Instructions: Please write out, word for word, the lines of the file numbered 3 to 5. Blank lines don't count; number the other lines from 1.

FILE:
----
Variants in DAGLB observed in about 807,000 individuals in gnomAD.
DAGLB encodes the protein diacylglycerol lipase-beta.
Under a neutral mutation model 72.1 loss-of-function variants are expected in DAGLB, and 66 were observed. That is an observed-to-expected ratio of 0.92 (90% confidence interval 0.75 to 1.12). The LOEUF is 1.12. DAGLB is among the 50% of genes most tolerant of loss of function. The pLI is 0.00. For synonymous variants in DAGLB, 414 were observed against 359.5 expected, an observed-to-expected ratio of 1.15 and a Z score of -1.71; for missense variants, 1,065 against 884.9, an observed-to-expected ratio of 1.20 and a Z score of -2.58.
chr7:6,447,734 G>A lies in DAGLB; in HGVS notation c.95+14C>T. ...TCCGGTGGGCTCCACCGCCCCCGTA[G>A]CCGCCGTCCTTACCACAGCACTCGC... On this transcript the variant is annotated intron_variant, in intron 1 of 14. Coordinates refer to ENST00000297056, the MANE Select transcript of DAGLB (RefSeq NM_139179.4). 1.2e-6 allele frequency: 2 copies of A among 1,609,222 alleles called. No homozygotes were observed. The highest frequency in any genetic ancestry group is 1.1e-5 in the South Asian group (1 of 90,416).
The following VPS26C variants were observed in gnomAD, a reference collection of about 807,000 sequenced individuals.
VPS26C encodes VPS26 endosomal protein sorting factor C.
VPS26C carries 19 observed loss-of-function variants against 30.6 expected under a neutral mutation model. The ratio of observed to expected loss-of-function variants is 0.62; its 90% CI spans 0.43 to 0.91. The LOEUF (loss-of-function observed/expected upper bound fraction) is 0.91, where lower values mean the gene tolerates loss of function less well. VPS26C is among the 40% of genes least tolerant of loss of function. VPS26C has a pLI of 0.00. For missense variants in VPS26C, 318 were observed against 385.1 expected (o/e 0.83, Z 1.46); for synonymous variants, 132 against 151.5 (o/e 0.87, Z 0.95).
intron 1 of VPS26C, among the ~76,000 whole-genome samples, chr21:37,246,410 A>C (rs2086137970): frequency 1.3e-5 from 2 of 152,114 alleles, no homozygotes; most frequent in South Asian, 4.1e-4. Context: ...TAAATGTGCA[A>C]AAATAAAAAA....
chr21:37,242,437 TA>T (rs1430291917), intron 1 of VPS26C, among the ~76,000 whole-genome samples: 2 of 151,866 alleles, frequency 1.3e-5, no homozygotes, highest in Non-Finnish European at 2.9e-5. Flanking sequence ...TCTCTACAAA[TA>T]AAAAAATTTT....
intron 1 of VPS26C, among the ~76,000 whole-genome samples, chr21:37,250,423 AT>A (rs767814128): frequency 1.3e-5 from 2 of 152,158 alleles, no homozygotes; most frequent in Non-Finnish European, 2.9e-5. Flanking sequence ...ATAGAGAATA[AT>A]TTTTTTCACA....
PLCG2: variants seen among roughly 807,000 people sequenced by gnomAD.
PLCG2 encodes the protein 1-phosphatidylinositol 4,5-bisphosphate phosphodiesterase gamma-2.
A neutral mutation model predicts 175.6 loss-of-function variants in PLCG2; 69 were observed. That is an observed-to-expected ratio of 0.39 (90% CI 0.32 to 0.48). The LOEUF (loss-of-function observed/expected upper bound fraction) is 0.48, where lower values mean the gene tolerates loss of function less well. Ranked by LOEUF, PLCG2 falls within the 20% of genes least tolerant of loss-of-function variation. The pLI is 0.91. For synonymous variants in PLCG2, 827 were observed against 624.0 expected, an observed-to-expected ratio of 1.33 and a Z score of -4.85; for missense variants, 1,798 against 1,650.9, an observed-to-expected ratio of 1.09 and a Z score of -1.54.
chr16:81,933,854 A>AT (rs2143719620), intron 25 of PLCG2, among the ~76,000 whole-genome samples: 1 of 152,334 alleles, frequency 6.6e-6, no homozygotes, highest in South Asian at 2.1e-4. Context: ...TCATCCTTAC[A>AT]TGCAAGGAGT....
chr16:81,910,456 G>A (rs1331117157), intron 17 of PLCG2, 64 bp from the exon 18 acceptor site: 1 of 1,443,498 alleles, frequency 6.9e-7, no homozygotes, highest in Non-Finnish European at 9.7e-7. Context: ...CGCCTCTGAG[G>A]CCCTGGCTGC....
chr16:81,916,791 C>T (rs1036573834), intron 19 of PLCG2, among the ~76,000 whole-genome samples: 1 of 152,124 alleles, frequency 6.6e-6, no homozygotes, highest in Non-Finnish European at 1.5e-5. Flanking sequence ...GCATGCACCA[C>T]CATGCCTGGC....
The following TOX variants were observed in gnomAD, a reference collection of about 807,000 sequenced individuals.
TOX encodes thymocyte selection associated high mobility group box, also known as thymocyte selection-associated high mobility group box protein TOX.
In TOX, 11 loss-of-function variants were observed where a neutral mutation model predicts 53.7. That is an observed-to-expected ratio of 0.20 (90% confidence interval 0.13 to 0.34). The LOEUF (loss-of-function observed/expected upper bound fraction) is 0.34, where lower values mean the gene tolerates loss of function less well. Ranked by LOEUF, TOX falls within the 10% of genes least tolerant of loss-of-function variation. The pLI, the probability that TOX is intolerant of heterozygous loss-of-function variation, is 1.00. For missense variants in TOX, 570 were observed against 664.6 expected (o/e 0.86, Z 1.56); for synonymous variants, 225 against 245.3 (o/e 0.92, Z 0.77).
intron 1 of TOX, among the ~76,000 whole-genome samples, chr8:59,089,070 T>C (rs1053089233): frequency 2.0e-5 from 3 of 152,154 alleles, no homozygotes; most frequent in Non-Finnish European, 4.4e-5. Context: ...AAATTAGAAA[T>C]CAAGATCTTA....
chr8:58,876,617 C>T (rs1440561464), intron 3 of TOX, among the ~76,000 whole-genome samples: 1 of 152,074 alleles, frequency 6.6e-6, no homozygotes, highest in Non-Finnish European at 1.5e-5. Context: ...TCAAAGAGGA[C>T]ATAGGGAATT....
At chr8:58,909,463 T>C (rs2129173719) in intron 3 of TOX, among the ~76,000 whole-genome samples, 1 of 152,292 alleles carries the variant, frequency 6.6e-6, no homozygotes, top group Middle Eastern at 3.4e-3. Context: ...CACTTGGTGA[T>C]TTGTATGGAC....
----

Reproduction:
Under a neutral mutation model 72.1 loss-of-function variants are expected in DAGLB, and 66 were observed. That is an observed-to-expected ratio of 0.92 (90% confidence interval 0.75 to 1.12). The LOEUF is 1.12. DAGLB is among the 50% of genes most tolerant of loss of function. The pLI is 0.00. For synonymous variants in DAGLB, 414 were observed against 359.5 expected, an observed-to-expected ratio of 1.15 and a Z score of -1.71; for missense variants, 1,065 against 884.9, an observed-to-expected ratio of 1.20 and a Z score of -2.58.
chr7:6,447,734 G>A lies in DAGLB; in HGVS notation c.95+14C>T. ...TCCGGTGGGCTCCACCGCCCCCGTA[G>A]CCGCCGTCCTTACCACAGCACTCGC... On this transcript the variant is annotated intron_variant, in intron 1 of 14. Coordinates refer to ENST00000297056, the MANE Select transcript of DAGLB (RefSeq NM_139179.4). 1.2e-6 allele frequency: 2 copies of A among 1,609,222 alleles called. No homozygotes were observed. The highest frequency in any genetic ancestry group is 1.1e-5 in the South Asian group (1 of 90,416).
The following VPS26C variants were observed in gnomAD, a reference collection of about 807,000 sequenced individuals.